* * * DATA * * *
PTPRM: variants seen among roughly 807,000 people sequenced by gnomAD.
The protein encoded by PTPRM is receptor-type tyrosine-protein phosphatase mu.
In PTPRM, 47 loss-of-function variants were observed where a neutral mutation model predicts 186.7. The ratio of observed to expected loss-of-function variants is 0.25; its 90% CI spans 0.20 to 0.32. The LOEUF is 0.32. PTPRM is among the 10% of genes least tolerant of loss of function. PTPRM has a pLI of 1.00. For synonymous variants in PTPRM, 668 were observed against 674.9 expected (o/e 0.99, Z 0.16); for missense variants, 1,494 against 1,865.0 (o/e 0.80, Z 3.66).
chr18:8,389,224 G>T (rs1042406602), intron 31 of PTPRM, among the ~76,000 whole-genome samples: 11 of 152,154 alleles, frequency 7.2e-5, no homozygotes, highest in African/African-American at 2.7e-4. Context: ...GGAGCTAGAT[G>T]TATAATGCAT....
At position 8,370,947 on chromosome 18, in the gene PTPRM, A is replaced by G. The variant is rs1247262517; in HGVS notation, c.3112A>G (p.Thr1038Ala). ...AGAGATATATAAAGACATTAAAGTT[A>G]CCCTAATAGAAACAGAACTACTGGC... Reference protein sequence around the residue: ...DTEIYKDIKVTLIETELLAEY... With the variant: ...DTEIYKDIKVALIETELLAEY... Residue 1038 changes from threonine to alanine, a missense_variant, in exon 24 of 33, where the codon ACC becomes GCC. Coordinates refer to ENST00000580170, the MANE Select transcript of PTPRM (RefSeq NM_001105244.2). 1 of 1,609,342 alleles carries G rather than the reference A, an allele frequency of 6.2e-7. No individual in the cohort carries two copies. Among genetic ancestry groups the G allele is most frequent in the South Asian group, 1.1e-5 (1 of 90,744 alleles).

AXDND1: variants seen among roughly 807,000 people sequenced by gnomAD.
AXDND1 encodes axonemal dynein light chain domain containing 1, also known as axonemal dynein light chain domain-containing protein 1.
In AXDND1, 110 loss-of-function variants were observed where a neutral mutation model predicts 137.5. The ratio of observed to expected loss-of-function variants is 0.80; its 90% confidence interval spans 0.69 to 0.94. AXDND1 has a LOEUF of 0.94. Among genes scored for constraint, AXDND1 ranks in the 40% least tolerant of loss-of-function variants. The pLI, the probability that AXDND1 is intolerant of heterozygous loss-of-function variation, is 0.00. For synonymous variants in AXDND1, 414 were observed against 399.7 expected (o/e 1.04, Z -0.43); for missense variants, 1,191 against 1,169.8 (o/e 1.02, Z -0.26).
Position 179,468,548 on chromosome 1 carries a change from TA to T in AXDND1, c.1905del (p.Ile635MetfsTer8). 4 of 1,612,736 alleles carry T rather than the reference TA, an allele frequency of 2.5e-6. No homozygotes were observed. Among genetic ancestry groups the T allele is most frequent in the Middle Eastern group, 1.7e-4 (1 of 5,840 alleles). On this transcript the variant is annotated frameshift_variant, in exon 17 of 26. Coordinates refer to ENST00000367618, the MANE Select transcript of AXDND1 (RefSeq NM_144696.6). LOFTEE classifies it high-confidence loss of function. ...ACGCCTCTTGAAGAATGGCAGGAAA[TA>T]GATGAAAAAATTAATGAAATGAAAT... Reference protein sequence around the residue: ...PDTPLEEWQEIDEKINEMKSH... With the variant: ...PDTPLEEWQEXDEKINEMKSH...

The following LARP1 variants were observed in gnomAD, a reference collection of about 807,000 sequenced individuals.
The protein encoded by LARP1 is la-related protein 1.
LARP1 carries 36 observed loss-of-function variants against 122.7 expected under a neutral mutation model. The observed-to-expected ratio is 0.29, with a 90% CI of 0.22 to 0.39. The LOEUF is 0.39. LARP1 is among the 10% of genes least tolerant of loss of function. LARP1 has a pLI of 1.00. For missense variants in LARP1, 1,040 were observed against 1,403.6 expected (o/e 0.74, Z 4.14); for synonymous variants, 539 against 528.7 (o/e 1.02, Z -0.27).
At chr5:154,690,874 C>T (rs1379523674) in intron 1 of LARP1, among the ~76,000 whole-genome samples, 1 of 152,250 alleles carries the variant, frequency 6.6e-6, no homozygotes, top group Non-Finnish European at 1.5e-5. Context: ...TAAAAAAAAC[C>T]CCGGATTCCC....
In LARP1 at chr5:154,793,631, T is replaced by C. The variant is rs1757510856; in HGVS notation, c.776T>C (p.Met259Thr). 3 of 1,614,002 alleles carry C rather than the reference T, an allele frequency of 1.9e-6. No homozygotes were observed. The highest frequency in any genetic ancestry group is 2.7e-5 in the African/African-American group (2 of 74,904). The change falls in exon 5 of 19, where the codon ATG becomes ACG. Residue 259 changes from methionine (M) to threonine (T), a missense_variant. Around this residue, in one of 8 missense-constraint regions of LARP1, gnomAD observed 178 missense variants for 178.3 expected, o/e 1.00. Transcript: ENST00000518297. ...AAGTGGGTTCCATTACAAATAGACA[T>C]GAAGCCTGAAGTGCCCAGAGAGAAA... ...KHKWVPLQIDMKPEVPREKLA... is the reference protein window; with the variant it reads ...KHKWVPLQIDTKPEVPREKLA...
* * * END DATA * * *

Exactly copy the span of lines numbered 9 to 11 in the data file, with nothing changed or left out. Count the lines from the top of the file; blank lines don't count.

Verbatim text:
Position 179,468,548 on chromosome 1 carries a change from TA to T in AXDND1, c.1905del (p.Ile635MetfsTer8). 4 of 1,612,736 alleles carry T rather than the reference TA, an allele frequency of 2.5e-6. No homozygotes were observed. Among genetic ancestry groups the T allele is most frequent in the Middle Eastern group, 1.7e-4 (1 of 5,840 alleles). On this transcript the variant is annotated frameshift_variant, in exon 17 of 26. Coordinates refer to ENST00000367618, the MANE Select transcript of AXDND1 (RefSeq NM_144696.6). LOFTEE classifies it high-confidence loss of function. ...ACGCCTCTTGAAGAATGGCAGGAAA[TA>T]GATGAAAAAATTAATGAAATGAAAT... Reference protein sequence around the residue: ...PDTPLEEWQEIDEKINEMKSH... With the variant: ...PDTPLEEWQEXDEKINEMKSH...

The following LARP1 variants were observed in gnomAD, a reference collection of about 807,000 sequenced individuals.
The protein encoded by LARP1 is la-related protein 1.